Find Your Own Way: an Essay

Words by Andrew Sanyshyn of Psychic Wave

“For me, music has always felt like one of the only clubs where everyone is allowed in, and I didn’t understand why the legends of rock (and a good majority of their fans) thought I was a poser.”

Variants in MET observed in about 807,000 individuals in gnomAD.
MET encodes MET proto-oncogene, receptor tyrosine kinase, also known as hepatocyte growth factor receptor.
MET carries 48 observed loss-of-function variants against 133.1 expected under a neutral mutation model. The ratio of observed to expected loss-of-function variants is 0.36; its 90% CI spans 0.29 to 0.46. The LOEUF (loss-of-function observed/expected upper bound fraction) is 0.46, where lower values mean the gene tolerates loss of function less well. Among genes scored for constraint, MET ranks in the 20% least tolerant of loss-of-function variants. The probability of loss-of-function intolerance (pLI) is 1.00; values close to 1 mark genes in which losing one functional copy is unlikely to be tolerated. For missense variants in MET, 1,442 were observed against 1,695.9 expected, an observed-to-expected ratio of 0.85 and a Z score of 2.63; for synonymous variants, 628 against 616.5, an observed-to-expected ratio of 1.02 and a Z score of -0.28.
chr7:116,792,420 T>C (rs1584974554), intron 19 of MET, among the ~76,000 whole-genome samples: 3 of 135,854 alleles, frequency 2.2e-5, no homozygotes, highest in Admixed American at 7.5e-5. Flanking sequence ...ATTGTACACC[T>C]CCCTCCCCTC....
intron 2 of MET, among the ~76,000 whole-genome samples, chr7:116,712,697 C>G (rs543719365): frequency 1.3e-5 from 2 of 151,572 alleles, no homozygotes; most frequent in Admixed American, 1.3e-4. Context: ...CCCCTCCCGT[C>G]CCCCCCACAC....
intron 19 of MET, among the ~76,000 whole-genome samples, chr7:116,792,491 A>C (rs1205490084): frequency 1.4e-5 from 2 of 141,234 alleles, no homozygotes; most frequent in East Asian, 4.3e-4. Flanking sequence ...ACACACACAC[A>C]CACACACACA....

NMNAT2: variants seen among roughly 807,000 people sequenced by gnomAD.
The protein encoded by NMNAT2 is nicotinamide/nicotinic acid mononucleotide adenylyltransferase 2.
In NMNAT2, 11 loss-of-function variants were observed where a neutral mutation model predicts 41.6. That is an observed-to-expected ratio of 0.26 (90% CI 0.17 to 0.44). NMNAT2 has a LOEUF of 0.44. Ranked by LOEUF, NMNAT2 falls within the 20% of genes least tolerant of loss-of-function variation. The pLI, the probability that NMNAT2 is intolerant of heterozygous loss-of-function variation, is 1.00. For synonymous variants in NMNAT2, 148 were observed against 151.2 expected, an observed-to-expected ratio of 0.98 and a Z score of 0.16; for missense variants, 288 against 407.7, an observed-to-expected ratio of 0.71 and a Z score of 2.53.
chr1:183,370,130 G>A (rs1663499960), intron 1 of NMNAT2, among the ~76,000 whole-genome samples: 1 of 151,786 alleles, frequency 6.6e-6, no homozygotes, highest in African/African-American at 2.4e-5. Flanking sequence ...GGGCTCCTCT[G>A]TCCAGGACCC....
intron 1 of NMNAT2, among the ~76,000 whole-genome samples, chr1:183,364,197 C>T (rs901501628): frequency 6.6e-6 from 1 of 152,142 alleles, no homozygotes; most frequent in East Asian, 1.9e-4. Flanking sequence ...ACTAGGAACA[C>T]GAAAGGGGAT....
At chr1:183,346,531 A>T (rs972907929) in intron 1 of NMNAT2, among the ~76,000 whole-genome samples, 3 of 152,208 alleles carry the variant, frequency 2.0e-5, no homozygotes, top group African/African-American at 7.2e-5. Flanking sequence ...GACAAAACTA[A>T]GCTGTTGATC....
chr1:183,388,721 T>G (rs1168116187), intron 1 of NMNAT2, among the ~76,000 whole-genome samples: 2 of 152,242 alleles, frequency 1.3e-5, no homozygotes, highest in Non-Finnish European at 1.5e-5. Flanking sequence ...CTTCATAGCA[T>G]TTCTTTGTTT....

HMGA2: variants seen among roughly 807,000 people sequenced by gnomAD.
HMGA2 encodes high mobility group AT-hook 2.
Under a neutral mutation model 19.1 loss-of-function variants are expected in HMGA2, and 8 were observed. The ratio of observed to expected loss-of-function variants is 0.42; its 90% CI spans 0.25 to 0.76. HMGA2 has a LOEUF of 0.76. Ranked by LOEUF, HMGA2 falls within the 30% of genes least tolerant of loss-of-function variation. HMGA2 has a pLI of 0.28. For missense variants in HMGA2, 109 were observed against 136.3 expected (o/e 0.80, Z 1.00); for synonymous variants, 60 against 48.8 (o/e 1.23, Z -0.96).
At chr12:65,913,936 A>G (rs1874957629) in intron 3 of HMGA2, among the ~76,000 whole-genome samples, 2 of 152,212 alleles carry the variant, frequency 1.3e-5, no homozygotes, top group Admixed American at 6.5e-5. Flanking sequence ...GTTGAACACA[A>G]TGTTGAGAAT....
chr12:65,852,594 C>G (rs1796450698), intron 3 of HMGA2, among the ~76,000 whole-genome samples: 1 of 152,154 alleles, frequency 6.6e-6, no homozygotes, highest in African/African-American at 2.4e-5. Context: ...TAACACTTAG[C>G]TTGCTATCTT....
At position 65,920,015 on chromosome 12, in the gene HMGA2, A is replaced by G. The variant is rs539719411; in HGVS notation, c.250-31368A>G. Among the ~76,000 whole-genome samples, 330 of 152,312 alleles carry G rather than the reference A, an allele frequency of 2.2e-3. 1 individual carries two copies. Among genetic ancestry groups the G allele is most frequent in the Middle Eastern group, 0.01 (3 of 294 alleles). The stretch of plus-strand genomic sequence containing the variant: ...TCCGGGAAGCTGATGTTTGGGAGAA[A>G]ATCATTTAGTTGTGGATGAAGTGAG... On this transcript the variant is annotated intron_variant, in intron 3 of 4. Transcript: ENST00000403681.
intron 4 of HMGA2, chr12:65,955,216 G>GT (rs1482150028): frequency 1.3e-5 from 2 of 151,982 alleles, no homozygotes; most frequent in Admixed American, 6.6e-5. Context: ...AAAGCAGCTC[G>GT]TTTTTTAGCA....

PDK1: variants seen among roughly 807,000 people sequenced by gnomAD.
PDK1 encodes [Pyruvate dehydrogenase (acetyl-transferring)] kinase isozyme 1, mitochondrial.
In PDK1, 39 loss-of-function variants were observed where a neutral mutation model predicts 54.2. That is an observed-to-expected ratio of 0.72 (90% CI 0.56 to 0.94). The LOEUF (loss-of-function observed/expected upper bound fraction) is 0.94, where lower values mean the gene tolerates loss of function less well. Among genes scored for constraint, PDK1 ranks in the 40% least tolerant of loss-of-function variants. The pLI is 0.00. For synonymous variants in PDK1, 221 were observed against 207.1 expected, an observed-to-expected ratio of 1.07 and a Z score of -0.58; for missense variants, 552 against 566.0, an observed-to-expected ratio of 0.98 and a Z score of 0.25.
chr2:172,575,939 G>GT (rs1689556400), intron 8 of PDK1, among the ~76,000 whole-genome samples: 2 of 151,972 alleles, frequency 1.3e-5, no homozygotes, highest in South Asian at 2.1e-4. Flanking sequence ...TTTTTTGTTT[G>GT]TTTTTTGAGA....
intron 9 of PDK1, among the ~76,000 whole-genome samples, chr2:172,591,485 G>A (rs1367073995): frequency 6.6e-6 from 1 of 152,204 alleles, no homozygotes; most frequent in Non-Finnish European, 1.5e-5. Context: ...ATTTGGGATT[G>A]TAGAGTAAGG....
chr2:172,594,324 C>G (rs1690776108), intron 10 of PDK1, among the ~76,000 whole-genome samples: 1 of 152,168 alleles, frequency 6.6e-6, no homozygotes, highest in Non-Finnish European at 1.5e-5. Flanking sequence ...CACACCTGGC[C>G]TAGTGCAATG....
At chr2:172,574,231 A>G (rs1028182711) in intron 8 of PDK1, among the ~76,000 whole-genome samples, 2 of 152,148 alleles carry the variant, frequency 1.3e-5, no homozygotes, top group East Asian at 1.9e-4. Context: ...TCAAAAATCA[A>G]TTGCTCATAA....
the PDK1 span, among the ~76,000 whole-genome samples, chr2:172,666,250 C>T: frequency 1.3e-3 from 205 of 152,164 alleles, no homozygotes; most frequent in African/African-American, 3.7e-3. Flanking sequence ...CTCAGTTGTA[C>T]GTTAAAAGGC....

In our digital age, music lovers from all over the world have the power to share their thoughts on new and emerging bands. The most loved and timeless music is often tied to a culture that reflects an important time in history, but is still accessible to new fans. In 2007, I became a teenager, and the musical fire inside of me was ignited- I started looking up bands like The Rolling Stones, Black Sabbath, and Led Zeppelin on YouTube, and as you probably guessed, I was blown away. Something that I noticed early on was that people who were teenagers at the time those bands were just starting out, had a clear distaste for younger kids (a.k.a. me) latching on to bands of their youth. I thought to myself, how could this be? For me, music has always felt like one of the only clubs where everyone is allowed in, and I didn’t understand why the legends of rock (and a good majority of their fans) thought I was a poser.